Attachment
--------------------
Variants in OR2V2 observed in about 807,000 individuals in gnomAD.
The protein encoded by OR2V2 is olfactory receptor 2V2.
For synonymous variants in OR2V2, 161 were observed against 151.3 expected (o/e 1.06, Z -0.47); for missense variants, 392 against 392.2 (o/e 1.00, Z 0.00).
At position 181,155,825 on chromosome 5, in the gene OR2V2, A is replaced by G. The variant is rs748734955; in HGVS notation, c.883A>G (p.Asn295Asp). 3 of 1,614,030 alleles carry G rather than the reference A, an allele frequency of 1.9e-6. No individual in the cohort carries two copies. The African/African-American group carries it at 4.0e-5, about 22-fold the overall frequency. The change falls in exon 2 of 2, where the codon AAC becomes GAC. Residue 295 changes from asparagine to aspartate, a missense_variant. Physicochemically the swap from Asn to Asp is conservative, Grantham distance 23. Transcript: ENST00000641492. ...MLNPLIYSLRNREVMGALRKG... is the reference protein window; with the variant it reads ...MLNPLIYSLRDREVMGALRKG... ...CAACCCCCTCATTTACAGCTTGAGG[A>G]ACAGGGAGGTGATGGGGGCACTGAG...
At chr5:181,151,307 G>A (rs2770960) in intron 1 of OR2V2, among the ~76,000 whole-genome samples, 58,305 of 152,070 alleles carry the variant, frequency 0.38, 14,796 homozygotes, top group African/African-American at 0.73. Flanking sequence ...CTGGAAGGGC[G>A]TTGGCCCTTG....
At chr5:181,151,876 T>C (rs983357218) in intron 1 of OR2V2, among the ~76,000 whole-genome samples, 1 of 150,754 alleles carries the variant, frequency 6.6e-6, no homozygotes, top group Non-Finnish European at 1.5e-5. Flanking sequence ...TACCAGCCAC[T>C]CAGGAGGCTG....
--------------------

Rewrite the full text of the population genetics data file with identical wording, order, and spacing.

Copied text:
Variants in OR2V2 observed in about 807,000 individuals in gnomAD.
The protein encoded by OR2V2 is olfactory receptor 2V2.
For synonymous variants in OR2V2, 161 were observed against 151.3 expected (o/e 1.06, Z -0.47); for missense variants, 392 against 392.2 (o/e 1.00, Z 0.00).
At position 181,155,825 on chromosome 5, in the gene OR2V2, A is replaced by G. The variant is rs748734955; in HGVS notation, c.883A>G (p.Asn295Asp). 3 of 1,614,030 alleles carry G rather than the reference A, an allele frequency of 1.9e-6. No individual in the cohort carries two copies. The African/African-American group carries it at 4.0e-5, about 22-fold the overall frequency. The change falls in exon 2 of 2, where the codon AAC becomes GAC. Residue 295 changes from asparagine to aspartate, a missense_variant. Physicochemically the swap from Asn to Asp is conservative, Grantham distance 23. Transcript: ENST00000641492. ...MLNPLIYSLRNREVMGALRKG... is the reference protein window; with the variant it reads ...MLNPLIYSLRDREVMGALRKG... ...CAACCCCCTCATTTACAGCTTGAGG[A>G]ACAGGGAGGTGATGGGGGCACTGAG...
At chr5:181,151,307 G>A (rs2770960) in intron 1 of OR2V2, among the ~76,000 whole-genome samples, 58,305 of 152,070 alleles carry the variant, frequency 0.38, 14,796 homozygotes, top group African/African-American at 0.73. Flanking sequence ...CTGGAAGGGC[G>A]TTGGCCCTTG....
At chr5:181,151,876 T>C (rs983357218) in intron 1 of OR2V2, among the ~76,000 whole-genome samples, 1 of 150,754 alleles carries the variant, frequency 6.6e-6, no homozygotes, top group Non-Finnish European at 1.5e-5. Flanking sequence ...TACCAGCCAC[T>C]CAGGAGGCTG....